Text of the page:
A good place to begin is the OS/400 backup and Recovery manual found at the IBM online publications Web site. If you are thinking of using journaling for commitment control, you can also find manuals specific to your programming language of choice on the same web-site. The following is a very brief overview of journaling. When you setup journaling, you first create a journal receiver and then the journal. The journal receiver contains record level and file level transaction information about the files being journaled as well as some standard system type information about each transaction (User, date, time, transaction type, etc.) The transaction information in the journal receiver contains record level information about records that were updated, changed, deleted, etc. and has the potential to store the before and after images of the records updated. You can use commands such as RMVJRNCHG to remove erroneous file updates caused by a program or you can display the journal data and use it for debugging purposes to see what program caused an erroneous file update. I just scratched the surface about things you can do with journaling. It's a powerful and flexible tool but one that also can consume huge quantities of disk space if you are not careful. A few basic commands to get you started are CRTJRNRCV, CRTJRN, STRJRNPF, DSPJRN, WRKJRNA, CHGJRN.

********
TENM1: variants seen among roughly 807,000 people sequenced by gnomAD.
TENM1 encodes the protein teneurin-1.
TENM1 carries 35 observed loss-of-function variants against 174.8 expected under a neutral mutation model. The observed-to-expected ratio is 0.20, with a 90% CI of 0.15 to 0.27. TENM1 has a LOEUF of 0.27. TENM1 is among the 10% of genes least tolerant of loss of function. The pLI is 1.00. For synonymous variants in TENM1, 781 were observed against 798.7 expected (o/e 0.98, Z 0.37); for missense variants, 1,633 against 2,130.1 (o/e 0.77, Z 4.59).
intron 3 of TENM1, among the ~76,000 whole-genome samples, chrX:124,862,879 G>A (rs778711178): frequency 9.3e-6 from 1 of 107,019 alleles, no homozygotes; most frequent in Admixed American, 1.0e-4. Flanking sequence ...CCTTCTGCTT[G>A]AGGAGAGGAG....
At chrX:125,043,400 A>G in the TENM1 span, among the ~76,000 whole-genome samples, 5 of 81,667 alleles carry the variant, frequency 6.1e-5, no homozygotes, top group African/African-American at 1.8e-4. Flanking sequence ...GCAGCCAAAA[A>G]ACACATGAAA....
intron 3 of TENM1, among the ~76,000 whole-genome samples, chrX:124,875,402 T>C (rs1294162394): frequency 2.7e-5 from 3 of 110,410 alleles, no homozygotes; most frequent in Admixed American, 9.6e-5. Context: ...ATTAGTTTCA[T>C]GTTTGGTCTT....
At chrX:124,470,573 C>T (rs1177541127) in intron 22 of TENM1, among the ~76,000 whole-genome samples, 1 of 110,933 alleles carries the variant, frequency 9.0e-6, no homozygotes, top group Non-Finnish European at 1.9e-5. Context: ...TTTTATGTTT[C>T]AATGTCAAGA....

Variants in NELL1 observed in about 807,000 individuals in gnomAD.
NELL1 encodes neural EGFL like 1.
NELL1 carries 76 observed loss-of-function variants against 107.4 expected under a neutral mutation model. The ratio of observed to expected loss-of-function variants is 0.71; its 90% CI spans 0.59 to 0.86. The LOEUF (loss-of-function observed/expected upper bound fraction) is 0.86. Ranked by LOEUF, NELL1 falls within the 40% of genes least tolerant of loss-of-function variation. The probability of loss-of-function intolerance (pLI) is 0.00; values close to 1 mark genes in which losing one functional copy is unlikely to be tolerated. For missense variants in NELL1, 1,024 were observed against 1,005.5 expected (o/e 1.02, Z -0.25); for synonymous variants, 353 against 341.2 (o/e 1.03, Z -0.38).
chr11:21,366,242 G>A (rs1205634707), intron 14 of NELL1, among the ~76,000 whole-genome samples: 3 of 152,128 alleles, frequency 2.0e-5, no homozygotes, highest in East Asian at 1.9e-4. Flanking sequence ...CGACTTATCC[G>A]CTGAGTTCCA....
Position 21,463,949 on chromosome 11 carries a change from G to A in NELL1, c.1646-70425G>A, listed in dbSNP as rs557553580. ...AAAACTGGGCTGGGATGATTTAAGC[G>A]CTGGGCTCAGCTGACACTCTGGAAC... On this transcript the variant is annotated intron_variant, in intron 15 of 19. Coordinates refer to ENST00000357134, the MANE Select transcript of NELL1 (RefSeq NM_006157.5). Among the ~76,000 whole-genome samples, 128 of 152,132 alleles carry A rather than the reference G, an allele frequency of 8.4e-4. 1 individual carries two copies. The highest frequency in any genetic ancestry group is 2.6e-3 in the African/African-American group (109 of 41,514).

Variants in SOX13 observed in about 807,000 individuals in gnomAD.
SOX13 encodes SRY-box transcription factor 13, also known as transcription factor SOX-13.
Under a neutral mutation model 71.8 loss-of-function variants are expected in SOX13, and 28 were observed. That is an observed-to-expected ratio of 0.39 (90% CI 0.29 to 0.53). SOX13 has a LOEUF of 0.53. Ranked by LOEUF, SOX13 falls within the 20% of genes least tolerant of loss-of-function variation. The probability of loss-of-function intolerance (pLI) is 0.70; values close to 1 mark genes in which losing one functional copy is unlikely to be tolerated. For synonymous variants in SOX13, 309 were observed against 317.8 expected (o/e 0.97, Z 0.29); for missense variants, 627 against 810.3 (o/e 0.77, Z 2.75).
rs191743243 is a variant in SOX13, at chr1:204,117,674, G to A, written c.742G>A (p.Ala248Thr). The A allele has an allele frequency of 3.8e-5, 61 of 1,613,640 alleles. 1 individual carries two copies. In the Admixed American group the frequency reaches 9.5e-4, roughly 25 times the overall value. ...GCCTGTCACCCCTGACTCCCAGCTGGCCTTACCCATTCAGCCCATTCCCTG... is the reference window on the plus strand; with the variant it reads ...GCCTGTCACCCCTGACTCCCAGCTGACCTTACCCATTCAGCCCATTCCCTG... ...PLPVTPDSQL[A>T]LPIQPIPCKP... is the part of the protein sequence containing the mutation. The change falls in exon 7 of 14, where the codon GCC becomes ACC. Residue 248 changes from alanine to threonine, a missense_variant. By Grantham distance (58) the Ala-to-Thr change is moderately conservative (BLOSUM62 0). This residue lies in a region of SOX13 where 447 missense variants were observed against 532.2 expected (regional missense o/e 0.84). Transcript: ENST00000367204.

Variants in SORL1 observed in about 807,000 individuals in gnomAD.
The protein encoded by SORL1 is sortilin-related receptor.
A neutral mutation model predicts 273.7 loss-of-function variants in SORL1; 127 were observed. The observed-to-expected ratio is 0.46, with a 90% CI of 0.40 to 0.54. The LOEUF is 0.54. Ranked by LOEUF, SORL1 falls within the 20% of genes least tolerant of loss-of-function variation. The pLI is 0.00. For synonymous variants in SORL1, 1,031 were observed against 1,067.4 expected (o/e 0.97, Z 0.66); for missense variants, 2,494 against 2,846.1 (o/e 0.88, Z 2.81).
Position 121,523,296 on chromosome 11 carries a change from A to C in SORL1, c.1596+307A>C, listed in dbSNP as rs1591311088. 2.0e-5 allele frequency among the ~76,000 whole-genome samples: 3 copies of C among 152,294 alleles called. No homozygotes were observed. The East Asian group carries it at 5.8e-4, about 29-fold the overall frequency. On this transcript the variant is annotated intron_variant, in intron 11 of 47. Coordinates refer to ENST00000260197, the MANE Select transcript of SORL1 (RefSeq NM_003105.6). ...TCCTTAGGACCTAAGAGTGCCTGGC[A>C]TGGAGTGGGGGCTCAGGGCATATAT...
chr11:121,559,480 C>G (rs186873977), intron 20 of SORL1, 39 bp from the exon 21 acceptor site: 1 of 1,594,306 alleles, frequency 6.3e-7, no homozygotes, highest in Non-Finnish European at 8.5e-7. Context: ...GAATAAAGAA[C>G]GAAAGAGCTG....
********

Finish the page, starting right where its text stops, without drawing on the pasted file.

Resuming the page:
This was first published in April 2001